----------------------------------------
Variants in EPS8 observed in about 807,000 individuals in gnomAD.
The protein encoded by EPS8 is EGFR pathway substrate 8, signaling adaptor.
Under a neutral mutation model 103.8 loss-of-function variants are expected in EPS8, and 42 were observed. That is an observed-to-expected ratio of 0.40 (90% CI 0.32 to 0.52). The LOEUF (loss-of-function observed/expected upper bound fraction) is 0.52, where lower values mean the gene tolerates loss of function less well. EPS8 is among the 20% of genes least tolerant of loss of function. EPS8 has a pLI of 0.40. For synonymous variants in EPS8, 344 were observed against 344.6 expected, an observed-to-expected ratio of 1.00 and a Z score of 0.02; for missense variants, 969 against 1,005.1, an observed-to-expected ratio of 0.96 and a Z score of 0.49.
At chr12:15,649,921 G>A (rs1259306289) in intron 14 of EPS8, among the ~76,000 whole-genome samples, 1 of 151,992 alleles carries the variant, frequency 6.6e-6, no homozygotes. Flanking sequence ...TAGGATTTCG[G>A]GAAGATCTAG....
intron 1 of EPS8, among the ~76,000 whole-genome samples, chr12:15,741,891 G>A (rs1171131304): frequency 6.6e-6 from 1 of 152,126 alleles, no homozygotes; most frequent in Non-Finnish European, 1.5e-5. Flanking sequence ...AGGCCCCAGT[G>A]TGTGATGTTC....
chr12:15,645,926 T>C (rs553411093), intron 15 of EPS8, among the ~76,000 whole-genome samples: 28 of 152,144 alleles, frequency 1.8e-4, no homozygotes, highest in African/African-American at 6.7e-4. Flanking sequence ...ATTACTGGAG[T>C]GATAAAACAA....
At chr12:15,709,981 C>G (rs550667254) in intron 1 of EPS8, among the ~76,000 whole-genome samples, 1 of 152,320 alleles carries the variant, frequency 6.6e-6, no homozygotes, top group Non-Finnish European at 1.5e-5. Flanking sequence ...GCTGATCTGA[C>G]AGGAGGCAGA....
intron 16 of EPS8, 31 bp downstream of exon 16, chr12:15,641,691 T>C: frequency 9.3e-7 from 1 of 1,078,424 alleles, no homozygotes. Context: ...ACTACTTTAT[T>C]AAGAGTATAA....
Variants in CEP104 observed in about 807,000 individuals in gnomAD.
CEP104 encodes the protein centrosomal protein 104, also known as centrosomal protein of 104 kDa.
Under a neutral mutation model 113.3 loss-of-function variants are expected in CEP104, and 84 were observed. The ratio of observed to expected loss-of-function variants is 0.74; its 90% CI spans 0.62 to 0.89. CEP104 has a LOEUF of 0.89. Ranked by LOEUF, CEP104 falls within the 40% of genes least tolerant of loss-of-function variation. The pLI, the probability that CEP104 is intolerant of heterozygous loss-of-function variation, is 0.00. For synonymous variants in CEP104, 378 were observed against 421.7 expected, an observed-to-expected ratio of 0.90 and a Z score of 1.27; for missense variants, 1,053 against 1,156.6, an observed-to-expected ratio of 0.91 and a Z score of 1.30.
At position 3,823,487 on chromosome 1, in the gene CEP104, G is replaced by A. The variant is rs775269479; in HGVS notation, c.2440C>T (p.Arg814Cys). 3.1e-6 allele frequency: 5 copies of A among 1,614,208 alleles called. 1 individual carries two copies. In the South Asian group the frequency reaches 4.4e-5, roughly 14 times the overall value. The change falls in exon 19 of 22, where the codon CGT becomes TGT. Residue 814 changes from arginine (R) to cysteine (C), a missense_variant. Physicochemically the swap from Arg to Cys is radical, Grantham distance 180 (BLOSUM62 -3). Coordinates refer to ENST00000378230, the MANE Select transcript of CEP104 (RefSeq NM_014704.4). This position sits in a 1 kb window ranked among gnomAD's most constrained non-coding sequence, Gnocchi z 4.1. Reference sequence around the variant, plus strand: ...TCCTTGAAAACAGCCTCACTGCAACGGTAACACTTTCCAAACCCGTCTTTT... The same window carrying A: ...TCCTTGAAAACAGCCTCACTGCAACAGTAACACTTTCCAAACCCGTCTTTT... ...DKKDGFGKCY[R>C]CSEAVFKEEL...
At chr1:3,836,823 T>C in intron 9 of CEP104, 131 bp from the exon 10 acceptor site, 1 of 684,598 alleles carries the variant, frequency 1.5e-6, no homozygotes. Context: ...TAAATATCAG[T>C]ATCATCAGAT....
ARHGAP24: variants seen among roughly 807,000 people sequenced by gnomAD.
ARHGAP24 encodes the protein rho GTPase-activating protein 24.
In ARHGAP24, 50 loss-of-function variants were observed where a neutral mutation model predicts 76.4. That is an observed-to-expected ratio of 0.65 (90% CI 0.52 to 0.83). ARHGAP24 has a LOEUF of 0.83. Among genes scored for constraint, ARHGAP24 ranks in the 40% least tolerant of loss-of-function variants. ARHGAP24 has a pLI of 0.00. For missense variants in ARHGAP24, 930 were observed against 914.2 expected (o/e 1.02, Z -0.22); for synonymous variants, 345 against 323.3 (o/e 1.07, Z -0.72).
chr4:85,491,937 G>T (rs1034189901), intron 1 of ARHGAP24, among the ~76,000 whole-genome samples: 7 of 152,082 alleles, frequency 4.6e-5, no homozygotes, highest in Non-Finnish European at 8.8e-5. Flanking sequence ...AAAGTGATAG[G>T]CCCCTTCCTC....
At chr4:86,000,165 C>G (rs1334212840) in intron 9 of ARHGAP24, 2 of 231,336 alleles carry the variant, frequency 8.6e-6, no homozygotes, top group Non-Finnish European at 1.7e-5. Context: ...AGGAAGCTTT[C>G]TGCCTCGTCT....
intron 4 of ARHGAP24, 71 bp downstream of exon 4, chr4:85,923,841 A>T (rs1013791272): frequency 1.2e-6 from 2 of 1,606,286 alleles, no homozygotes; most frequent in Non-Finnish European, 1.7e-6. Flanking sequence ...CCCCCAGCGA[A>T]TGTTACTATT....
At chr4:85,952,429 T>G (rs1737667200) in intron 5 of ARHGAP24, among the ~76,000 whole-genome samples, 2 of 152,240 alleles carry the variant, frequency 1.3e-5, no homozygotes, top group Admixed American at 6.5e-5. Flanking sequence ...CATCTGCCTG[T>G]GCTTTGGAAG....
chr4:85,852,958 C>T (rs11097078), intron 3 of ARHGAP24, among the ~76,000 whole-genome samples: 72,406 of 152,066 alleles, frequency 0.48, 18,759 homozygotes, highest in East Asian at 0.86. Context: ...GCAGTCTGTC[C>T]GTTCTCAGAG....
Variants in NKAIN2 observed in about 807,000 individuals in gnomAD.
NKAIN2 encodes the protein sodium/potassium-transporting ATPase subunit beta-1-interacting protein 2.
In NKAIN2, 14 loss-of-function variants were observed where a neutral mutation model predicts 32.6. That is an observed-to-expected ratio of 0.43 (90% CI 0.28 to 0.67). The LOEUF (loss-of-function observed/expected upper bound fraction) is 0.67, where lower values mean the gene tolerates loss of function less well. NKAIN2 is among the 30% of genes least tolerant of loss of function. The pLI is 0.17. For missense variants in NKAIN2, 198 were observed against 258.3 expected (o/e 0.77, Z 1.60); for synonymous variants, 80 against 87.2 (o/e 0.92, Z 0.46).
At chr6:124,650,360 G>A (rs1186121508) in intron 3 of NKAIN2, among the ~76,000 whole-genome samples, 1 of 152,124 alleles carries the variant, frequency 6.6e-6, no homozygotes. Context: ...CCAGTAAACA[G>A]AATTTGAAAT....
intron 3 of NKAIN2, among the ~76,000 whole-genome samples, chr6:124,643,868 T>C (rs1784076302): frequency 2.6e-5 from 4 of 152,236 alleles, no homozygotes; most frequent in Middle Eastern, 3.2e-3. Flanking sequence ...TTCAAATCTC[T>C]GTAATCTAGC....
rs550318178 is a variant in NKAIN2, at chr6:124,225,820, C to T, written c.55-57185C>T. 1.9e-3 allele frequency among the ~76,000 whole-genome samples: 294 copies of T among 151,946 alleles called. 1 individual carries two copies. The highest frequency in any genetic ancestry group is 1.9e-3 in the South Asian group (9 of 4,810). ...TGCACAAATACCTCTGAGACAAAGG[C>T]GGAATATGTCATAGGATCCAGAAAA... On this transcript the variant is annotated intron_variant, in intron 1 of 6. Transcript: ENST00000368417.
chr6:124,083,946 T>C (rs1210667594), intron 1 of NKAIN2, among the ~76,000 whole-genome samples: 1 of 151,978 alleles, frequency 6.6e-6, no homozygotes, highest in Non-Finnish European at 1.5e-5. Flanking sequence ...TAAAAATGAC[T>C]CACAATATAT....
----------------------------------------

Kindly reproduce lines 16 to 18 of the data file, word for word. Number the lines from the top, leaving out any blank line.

In ARHGAP24, 50 loss-of-function variants were observed where a neutral mutation model predicts 76.4. That is an observed-to-expected ratio of 0.65 (90% CI 0.52 to 0.83). ARHGAP24 has a LOEUF of 0.83. Among genes scored for constraint, ARHGAP24 ranks in the 40% least tolerant of loss-of-function variants. ARHGAP24 has a pLI of 0.00. For missense variants in ARHGAP24, 930 were observed against 914.2 expected (o/e 1.02, Z -0.22); for synonymous variants, 345 against 323.3 (o/e 1.07, Z -0.72).
chr4:85,491,937 G>T (rs1034189901), intron 1 of ARHGAP24, among the ~76,000 whole-genome samples: 7 of 152,082 alleles, frequency 4.6e-5, no homozygotes, highest in Non-Finnish European at 8.8e-5. Flanking sequence ...AAAGTGATAG[G>T]CCCCTTCCTC....
At chr4:86,000,165 C>G (rs1334212840) in intron 9 of ARHGAP24, 2 of 231,336 alleles carry the variant, frequency 8.6e-6, no homozygotes, top group Non-Finnish European at 1.7e-5. Context: ...AGGAAGCTTT[C>G]TGCCTCGTCT....